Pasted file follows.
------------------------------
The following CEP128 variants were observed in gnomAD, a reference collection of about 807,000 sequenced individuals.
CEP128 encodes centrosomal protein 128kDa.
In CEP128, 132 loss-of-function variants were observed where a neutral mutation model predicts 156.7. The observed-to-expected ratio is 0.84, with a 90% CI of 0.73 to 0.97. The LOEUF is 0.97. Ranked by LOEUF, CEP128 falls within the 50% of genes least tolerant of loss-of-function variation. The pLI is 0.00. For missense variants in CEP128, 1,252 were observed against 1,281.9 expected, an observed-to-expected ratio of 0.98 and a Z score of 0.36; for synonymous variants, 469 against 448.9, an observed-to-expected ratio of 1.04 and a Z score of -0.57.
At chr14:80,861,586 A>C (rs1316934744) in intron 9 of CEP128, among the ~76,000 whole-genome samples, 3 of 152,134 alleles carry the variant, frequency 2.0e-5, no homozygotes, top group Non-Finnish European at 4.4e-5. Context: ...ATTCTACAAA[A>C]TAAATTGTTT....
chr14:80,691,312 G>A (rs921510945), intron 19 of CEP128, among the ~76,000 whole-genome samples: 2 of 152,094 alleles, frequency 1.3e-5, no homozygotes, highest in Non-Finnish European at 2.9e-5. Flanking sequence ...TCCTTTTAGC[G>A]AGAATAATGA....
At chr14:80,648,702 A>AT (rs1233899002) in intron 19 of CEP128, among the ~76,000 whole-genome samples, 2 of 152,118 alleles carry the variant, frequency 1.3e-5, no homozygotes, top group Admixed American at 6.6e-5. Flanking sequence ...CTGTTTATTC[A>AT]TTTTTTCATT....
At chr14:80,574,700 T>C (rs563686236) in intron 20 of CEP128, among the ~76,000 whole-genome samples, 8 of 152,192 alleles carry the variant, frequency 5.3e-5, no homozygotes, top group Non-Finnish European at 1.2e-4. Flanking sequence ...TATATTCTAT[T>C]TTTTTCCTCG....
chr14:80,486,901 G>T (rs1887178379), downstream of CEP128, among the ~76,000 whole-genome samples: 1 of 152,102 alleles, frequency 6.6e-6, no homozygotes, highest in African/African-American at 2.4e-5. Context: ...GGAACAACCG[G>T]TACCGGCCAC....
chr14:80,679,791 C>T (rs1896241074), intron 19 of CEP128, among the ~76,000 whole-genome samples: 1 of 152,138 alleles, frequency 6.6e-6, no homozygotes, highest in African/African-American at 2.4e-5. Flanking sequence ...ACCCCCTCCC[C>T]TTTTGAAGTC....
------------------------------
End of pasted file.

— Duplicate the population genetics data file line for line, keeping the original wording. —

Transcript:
The following CEP128 variants were observed in gnomAD, a reference collection of about 807,000 sequenced individuals.
CEP128 encodes centrosomal protein 128kDa.
In CEP128, 132 loss-of-function variants were observed where a neutral mutation model predicts 156.7. The observed-to-expected ratio is 0.84, with a 90% CI of 0.73 to 0.97. The LOEUF is 0.97. Ranked by LOEUF, CEP128 falls within the 50% of genes least tolerant of loss-of-function variation. The pLI is 0.00. For missense variants in CEP128, 1,252 were observed against 1,281.9 expected, an observed-to-expected ratio of 0.98 and a Z score of 0.36; for synonymous variants, 469 against 448.9, an observed-to-expected ratio of 1.04 and a Z score of -0.57.
At chr14:80,861,586 A>C (rs1316934744) in intron 9 of CEP128, among the ~76,000 whole-genome samples, 3 of 152,134 alleles carry the variant, frequency 2.0e-5, no homozygotes, top group Non-Finnish European at 4.4e-5. Context: ...ATTCTACAAA[A>C]TAAATTGTTT....
chr14:80,691,312 G>A (rs921510945), intron 19 of CEP128, among the ~76,000 whole-genome samples: 2 of 152,094 alleles, frequency 1.3e-5, no homozygotes, highest in Non-Finnish European at 2.9e-5. Flanking sequence ...TCCTTTTAGC[G>A]AGAATAATGA....
At chr14:80,648,702 A>AT (rs1233899002) in intron 19 of CEP128, among the ~76,000 whole-genome samples, 2 of 152,118 alleles carry the variant, frequency 1.3e-5, no homozygotes, top group Admixed American at 6.6e-5. Flanking sequence ...CTGTTTATTC[A>AT]TTTTTTCATT....
At chr14:80,574,700 T>C (rs563686236) in intron 20 of CEP128, among the ~76,000 whole-genome samples, 8 of 152,192 alleles carry the variant, frequency 5.3e-5, no homozygotes, top group Non-Finnish European at 1.2e-4. Flanking sequence ...TATATTCTAT[T>C]TTTTTCCTCG....
chr14:80,486,901 G>T (rs1887178379), downstream of CEP128, among the ~76,000 whole-genome samples: 1 of 152,102 alleles, frequency 6.6e-6, no homozygotes, highest in African/African-American at 2.4e-5. Context: ...GGAACAACCG[G>T]TACCGGCCAC....
chr14:80,679,791 C>T (rs1896241074), intron 19 of CEP128, among the ~76,000 whole-genome samples: 1 of 152,138 alleles, frequency 6.6e-6, no homozygotes, highest in African/African-American at 2.4e-5. Flanking sequence ...ACCCCCTCCC[C>T]TTTTGAAGTC....